San Diego Begins Sanitizing Sidewalks With Bleach Due To Rampant Homeless’ Feces
San Diego has begun hosing down the streets with bleach water to combat the mountains of feces left by the homeless people roaming every street.
The city and county have been trying to find a way to end an ongoing hepatitis A outbreak that has been linked to at least 15 deaths and 400 hospitalization due to homeless people using anywhere convenient for a toilet.
Crews have begun the effort by spraying down East Village sidewalks with a bleach solution. San Diego mayoral spokeswoman Craig Gustafson said the cleanings will happen at least three times a week, every other week, according to CBS8.
“By disinfecting our sidewalks and making additional public restrooms available 24/7, we’re following the direction of County health officials to address the unsanitary conditions that have helped fuel this outbreak,” Gustafason said, according to the San Diego Tribune. “We’re taking swift action to eradicate this virus from our streets and keep our most vulnerable residents safe.”
The liver disease outbreak started last year, mostly among the homeless population. City officials eventually declared a public health emergency to ease access to state funds and provide legal protection for the new sanitary measures.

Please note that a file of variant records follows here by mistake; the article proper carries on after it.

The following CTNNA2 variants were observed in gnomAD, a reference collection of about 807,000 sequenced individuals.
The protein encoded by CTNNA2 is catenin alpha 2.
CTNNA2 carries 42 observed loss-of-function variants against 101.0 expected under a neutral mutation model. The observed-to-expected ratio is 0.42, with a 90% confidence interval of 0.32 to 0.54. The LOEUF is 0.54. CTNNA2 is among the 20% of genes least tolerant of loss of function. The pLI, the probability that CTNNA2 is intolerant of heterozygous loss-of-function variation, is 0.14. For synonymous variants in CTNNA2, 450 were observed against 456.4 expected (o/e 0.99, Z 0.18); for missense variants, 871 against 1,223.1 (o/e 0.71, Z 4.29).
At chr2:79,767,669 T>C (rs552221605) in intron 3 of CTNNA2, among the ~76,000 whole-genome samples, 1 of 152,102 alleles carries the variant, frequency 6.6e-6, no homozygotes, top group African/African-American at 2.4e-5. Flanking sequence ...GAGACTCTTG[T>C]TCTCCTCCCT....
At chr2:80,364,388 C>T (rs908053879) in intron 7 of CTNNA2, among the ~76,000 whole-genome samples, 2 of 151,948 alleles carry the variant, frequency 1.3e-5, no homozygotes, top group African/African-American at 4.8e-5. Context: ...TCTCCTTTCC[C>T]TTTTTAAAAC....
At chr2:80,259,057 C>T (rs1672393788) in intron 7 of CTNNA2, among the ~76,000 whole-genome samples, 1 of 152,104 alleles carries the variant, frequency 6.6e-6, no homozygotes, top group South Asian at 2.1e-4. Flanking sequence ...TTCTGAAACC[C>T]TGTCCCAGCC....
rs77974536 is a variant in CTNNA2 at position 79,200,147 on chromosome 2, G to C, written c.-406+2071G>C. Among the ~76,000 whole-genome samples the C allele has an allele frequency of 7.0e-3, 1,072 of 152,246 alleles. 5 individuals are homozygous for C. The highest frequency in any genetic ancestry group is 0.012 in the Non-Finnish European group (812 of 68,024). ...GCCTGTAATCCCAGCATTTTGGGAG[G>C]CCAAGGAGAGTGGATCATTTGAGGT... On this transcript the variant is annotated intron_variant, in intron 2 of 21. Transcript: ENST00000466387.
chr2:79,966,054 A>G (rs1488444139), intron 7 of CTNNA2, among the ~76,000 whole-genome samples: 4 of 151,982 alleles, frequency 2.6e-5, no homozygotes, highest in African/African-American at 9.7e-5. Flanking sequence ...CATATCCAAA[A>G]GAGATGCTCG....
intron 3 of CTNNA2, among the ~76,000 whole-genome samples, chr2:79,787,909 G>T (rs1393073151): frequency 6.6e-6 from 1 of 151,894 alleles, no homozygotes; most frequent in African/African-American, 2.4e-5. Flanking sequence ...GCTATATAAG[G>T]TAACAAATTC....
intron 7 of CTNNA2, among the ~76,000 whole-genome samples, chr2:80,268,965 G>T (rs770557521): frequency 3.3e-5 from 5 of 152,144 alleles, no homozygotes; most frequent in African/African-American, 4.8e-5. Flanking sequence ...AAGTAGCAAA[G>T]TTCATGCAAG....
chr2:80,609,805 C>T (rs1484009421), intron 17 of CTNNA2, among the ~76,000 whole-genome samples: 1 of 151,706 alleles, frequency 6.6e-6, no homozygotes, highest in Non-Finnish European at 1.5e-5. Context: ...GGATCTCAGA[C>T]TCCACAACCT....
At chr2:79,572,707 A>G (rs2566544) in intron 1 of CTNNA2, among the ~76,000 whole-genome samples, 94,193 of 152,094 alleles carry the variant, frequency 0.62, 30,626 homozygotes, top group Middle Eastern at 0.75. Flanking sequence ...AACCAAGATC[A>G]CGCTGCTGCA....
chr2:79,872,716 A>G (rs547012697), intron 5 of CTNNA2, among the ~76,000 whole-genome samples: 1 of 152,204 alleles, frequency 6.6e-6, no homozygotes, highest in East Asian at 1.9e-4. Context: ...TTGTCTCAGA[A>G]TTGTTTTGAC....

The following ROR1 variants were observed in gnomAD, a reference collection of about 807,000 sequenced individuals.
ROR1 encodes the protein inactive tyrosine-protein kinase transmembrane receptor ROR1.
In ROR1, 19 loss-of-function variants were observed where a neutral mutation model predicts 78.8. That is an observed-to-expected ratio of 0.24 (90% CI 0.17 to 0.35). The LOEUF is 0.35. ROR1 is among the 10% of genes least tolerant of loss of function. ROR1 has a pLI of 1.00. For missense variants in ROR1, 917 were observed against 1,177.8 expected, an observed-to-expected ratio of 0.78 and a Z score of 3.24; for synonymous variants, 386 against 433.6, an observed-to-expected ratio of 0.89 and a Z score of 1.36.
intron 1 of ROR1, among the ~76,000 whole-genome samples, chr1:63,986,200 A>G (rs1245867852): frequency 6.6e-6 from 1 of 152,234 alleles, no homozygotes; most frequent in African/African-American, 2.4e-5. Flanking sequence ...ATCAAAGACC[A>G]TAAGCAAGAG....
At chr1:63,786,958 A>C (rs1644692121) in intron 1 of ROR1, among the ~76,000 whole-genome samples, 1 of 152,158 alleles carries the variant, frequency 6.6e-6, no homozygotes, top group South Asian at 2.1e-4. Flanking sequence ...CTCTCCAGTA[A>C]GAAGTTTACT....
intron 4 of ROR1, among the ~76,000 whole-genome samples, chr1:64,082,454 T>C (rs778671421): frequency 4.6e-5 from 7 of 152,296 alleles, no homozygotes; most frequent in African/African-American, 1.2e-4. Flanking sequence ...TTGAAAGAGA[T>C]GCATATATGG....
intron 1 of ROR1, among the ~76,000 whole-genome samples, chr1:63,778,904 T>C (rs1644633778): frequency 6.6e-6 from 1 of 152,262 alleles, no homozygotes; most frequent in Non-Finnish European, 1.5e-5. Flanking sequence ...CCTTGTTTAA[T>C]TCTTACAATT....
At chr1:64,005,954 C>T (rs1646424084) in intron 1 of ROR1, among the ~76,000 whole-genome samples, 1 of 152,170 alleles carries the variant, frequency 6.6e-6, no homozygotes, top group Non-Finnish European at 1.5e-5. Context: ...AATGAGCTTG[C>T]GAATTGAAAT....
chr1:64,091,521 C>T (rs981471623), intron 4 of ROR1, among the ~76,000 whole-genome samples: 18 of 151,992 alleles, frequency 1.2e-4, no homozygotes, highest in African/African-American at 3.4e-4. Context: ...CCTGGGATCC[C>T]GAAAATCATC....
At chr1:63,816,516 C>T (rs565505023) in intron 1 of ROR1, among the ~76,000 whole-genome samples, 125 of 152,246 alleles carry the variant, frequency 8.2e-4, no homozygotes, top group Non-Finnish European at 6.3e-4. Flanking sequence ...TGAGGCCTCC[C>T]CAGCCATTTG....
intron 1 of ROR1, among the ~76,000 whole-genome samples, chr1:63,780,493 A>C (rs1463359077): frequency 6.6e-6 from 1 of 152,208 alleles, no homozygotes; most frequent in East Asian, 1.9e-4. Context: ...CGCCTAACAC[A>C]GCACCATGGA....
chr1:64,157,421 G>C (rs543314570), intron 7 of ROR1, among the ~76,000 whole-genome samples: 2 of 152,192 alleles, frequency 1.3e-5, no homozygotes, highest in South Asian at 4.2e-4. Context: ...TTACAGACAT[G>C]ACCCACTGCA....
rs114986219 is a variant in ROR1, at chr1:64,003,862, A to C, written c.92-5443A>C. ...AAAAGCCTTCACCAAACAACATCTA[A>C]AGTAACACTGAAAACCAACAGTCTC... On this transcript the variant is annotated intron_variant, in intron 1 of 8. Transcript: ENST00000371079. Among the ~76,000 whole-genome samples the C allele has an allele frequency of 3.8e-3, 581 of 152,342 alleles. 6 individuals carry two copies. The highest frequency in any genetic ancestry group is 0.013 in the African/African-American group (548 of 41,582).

Under the terms of the declared emergency, areas infested with homeless people are set to receive portable hand-washing stations to help combat the disease, which can easily spread when people do not wash their hands after defecating.
The plan is to use power washers and bleach water to remove “all feces, blood, bodily fluids or contaminated surfaces.” In an Aug. 31 letter from the county health department, officials asked the city to move forward with the sanitation measures and gave the city five days to respond with a plan, according to the LA Times.
The county also plans on increasing access to public restrooms.
San Diego had decided to copy a campaign to sanitize streets that was use by Los Angeles after previous efforts failed to curb the infection rate.
So far, the city has provided vaccinations to approximately 19,000 people. Dr. Wilma Wooten, the county public health officer, said she expects the number of victims to increase because of the illness’ long incubation period, Fox 5 San Diego reported.
Mr Americana, Overpasses News Desk
December 10th, 2017
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